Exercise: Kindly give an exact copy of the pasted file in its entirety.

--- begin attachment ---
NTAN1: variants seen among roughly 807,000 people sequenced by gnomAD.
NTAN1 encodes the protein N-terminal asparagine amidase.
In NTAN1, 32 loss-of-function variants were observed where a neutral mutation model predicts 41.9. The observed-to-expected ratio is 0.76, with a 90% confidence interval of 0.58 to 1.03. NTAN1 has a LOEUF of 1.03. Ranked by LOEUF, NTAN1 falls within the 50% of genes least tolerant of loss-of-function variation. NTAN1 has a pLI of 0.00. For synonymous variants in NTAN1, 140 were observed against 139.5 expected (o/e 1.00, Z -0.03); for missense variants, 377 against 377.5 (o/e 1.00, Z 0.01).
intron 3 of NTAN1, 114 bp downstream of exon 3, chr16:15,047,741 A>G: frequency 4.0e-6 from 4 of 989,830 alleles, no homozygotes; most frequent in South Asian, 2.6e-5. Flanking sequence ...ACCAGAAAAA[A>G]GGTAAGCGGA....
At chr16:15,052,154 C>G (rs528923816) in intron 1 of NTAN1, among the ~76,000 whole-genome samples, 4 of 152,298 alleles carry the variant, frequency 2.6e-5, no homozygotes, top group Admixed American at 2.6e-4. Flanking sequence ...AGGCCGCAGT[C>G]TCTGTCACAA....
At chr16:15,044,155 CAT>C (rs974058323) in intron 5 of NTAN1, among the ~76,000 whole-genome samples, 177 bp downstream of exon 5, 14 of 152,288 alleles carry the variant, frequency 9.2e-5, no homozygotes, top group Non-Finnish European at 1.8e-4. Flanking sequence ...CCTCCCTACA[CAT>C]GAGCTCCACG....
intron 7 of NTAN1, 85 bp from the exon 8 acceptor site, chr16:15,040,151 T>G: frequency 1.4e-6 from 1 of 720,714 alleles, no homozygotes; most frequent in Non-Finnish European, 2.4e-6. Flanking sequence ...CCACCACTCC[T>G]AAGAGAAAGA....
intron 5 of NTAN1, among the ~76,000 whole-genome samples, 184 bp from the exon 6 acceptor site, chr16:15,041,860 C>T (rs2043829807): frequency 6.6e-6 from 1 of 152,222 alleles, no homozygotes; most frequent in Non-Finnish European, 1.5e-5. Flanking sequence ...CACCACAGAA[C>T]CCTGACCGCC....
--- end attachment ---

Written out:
NTAN1: variants seen among roughly 807,000 people sequenced by gnomAD.
NTAN1 encodes the protein N-terminal asparagine amidase.
In NTAN1, 32 loss-of-function variants were observed where a neutral mutation model predicts 41.9. The observed-to-expected ratio is 0.76, with a 90% confidence interval of 0.58 to 1.03. NTAN1 has a LOEUF of 1.03. Ranked by LOEUF, NTAN1 falls within the 50% of genes least tolerant of loss-of-function variation. NTAN1 has a pLI of 0.00. For synonymous variants in NTAN1, 140 were observed against 139.5 expected (o/e 1.00, Z -0.03); for missense variants, 377 against 377.5 (o/e 1.00, Z 0.01).
intron 3 of NTAN1, 114 bp downstream of exon 3, chr16:15,047,741 A>G: frequency 4.0e-6 from 4 of 989,830 alleles, no homozygotes; most frequent in South Asian, 2.6e-5. Flanking sequence ...ACCAGAAAAA[A>G]GGTAAGCGGA....
At chr16:15,052,154 C>G (rs528923816) in intron 1 of NTAN1, among the ~76,000 whole-genome samples, 4 of 152,298 alleles carry the variant, frequency 2.6e-5, no homozygotes, top group Admixed American at 2.6e-4. Flanking sequence ...AGGCCGCAGT[C>G]TCTGTCACAA....
At chr16:15,044,155 CAT>C (rs974058323) in intron 5 of NTAN1, among the ~76,000 whole-genome samples, 177 bp downstream of exon 5, 14 of 152,288 alleles carry the variant, frequency 9.2e-5, no homozygotes, top group Non-Finnish European at 1.8e-4. Flanking sequence ...CCTCCCTACA[CAT>C]GAGCTCCACG....
intron 7 of NTAN1, 85 bp from the exon 8 acceptor site, chr16:15,040,151 T>G: frequency 1.4e-6 from 1 of 720,714 alleles, no homozygotes; most frequent in Non-Finnish European, 2.4e-6. Flanking sequence ...CCACCACTCC[T>G]AAGAGAAAGA....
intron 5 of NTAN1, among the ~76,000 whole-genome samples, 184 bp from the exon 6 acceptor site, chr16:15,041,860 C>T (rs2043829807): frequency 6.6e-6 from 1 of 152,222 alleles, no homozygotes; most frequent in Non-Finnish European, 1.5e-5. Flanking sequence ...CACCACAGAA[C>T]CCTGACCGCC....